The GPIbβΔIC−/− strain, which was originally developed to explore signaling functions of the receptor, happened to exhibit decreased level of GPIb-IX on the platelet surface. This suggests that the GPIbβ intracellular domain is required for efficient expression of the complex. In fact, the GPIbβΔIC−/− resembled the knockout for the ultrastructural defects and decreased number of circulating cells, and was classified as a variant form of Bernard-Soulier. Reduced bleeding complications were however observed compared with the knockout implying that an 80% decrease in GPIb, even with the added intracellular mutation of GPIbβ, is sufficient to support minimal hemostasis.
The GPIbβ−/− and GPIbβΔIC−/− models allowed us to assess the thrombotic tendency associated with Bernard-Soulier. Defective thrombus formation was documented in collagen flow assays at high shear rates known to depend on GPIb/VWF interaction.1,2 These defects are in line with those observed in earlier studies of Bernard-Soulier patients after blood perfusion over collagen or vascular matrices.6,7 More recently a similar defect in collagen flow studies has been reported in transgenic mice engineered on a GPIbα knock out and missing the GPIbα extracellular domain.10 Compared with this strain, the GPIbβ−/− and GPIbβΔIC−/− have the added defect of enlarged platelets which could result in increased drag-forces exerted on the platelets. Nevertheless these two strains behaved very similarly to the GPIbα transgenic mice in this flow assay.
Other receptors involved in platelet-collagen interaction have been evaluated in similar ex vivo perfusion systems, such as integrin α2β1 and GPVI, which are the major receptors contributing to platelet adhesion and activation after direct interaction with collagen. GPVI-FcRγ deficiency induced by immunodepletion or after genetic ablation have established a critical role for GPVI in such perfusion assays over collagen16–18 whereas α2β1 deficiency resulted in normal thrombus formation.19 GPVI-deficient platelets tethered normally, but failed to spread and extend aggregates, in contrast with the deficient initial tethering in GPIb-deficient mice. In the experiments presented here, platelet tethering and aggregation nevertheless occurred in GPIb-deficient mice under conditions of intermediate shear (1500 s−1), which in human blood have been described as being GPIb-dependent. Platelet capture and activation by α2β1 and GPVI can probably take place at these shears in mouse blood10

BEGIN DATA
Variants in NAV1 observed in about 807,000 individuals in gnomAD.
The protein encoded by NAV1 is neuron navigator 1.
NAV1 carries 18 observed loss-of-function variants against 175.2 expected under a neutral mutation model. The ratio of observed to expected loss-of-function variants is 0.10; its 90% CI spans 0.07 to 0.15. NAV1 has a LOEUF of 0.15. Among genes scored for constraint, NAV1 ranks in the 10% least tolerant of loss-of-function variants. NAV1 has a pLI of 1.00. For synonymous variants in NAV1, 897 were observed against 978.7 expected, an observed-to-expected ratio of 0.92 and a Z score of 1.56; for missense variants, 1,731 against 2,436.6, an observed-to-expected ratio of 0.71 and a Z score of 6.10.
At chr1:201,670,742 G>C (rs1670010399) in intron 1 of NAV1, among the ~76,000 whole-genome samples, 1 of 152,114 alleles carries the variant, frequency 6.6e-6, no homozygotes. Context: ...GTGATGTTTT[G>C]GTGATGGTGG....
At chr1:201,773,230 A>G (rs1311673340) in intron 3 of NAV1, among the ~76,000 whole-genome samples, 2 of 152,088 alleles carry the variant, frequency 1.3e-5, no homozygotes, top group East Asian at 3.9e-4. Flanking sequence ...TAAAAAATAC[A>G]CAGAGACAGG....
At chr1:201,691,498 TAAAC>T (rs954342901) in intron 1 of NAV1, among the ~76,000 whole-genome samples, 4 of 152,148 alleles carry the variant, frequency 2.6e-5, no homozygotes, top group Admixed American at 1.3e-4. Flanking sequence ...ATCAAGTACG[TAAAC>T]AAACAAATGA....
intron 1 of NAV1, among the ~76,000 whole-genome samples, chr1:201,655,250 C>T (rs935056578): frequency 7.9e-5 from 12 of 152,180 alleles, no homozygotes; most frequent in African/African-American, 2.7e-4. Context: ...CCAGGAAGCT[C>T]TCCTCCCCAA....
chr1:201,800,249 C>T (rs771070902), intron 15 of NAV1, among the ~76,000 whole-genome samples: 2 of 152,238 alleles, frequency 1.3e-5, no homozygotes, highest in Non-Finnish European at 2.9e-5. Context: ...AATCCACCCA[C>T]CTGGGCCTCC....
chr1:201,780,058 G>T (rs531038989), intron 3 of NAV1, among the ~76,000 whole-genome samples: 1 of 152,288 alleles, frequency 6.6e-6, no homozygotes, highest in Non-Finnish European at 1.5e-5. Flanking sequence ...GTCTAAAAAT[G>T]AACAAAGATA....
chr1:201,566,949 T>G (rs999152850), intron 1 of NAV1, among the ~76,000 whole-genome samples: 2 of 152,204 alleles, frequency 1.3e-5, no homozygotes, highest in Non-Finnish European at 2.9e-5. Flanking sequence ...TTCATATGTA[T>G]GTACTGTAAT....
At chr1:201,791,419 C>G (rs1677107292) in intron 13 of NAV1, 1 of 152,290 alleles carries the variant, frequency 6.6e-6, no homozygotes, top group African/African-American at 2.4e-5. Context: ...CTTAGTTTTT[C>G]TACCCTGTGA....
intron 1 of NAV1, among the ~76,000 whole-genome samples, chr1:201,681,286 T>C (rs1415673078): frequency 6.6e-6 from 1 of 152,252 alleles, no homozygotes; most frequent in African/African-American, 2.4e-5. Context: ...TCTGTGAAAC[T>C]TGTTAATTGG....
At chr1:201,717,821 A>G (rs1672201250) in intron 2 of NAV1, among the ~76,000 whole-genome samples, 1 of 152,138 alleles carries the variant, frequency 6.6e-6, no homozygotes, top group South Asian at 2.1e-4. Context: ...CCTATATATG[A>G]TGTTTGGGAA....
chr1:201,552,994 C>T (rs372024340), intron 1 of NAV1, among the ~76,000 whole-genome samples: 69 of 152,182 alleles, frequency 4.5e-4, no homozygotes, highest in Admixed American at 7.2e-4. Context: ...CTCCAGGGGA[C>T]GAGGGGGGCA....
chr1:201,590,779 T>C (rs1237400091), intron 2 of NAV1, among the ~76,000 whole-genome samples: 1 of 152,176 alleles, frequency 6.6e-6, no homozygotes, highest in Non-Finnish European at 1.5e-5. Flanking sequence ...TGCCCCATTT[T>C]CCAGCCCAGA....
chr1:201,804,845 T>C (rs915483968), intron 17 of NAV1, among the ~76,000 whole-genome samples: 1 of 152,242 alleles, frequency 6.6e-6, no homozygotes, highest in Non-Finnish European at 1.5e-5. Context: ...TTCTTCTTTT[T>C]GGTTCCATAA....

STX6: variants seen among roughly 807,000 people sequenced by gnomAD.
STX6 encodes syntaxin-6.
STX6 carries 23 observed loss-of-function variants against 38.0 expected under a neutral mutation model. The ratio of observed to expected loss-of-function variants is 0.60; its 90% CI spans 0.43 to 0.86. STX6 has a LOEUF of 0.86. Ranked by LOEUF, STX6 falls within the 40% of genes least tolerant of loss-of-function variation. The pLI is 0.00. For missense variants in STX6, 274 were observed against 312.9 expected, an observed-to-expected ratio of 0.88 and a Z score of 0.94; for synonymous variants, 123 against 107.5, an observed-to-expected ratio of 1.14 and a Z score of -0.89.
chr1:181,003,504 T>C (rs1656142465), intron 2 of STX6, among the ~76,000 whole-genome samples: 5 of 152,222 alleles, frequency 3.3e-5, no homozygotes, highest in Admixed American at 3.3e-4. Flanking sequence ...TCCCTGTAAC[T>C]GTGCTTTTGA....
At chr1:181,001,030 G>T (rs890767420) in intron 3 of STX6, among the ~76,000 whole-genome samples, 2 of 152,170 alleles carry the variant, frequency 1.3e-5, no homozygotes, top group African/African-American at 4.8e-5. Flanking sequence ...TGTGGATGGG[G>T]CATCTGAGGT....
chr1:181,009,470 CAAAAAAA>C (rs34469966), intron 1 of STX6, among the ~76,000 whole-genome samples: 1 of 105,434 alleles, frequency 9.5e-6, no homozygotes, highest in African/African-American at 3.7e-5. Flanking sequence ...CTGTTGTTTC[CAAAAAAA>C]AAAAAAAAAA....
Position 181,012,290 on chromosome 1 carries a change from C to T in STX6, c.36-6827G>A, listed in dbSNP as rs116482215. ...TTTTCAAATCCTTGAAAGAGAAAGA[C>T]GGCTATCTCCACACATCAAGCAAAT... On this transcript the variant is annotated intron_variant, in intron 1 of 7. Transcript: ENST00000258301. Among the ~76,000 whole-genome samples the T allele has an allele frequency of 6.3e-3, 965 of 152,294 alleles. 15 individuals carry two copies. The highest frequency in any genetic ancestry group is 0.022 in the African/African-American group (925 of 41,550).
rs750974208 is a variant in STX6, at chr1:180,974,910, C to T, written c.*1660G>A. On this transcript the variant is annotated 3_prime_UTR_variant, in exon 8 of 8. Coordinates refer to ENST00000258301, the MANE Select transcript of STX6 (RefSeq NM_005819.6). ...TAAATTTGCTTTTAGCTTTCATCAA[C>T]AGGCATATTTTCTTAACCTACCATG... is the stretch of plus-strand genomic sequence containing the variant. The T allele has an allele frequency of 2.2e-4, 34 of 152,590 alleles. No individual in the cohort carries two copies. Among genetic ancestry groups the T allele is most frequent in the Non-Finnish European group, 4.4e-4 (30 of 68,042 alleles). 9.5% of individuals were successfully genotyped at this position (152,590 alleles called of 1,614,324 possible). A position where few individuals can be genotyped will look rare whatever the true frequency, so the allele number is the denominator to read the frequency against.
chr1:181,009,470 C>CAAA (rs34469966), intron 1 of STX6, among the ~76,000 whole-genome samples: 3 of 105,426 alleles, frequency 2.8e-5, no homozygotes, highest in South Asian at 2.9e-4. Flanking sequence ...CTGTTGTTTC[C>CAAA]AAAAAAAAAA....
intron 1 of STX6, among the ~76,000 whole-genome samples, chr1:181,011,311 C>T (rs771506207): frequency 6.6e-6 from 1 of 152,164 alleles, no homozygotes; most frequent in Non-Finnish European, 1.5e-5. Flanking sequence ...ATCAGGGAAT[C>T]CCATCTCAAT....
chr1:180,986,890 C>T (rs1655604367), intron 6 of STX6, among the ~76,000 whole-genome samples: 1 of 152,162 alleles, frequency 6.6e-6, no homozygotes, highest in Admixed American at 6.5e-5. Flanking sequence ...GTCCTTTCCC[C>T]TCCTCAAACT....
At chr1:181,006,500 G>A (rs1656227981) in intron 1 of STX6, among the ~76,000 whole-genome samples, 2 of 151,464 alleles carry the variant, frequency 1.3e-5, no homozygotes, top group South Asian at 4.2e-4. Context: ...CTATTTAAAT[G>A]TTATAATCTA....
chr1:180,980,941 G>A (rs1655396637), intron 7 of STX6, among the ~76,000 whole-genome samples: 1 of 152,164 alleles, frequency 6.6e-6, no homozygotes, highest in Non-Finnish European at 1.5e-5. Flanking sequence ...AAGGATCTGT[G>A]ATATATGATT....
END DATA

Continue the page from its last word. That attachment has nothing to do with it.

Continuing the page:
In vivo results in a FeCl3 carotid thrombosis model were consistent with the flow experiments demonstrating a lower incidence of vessel occlusion in both GPIbβ−/− and GPIbβΔIC−/− mice. Histology and ultrastructural analyses of the carotids showed that thrombus formation was not completely prevented but that thrombi consisted of less extensive loose aggregates. This suggested a defective propagation of activation through the platelet layers, resulting in decreased thrombus growth. Transgenic mice lacking the GPIbα extracellular domain evaluated in a similar carotid model appeared to be similarly protected against vessel occlusion.10 No information was presented on the presence and histology of the thrombi. Thrombosis was also severely impaired after laser-induced arterial injuries, especially in the GPIbβ−/− strain. A more modest protection of GPIbβΔIC−/− contrasted with the carotid FeCl3 model where both strains were similarly protected. Such variable responses in the same mouse strain depending on the nature of the vessel injury have now been observed in several mouse strains. For example, FcRγ/GPVI deficiency has been reported to induce full or only minor protection against arterial thrombosis in different studies17,20 depending on the type of injury and exposure to collagen and thrombin.10,17,21 The degree of collagen exposure and thrombin activation have been reported to vary depending on the concentration of FeCl3 applied to arteries21 and the sensitivity to thrombin blockade can change with the extent of laser injury in mesenteric arteries.11,17 In spite of these differences, which await standardization between laboratories, this study and the recent work by Konstantinides et al establish that the GPIb-VWF interaction is, contrary to the GPVI-collagen axis, critical to arterial thrombosis independently of the nature of the lesion.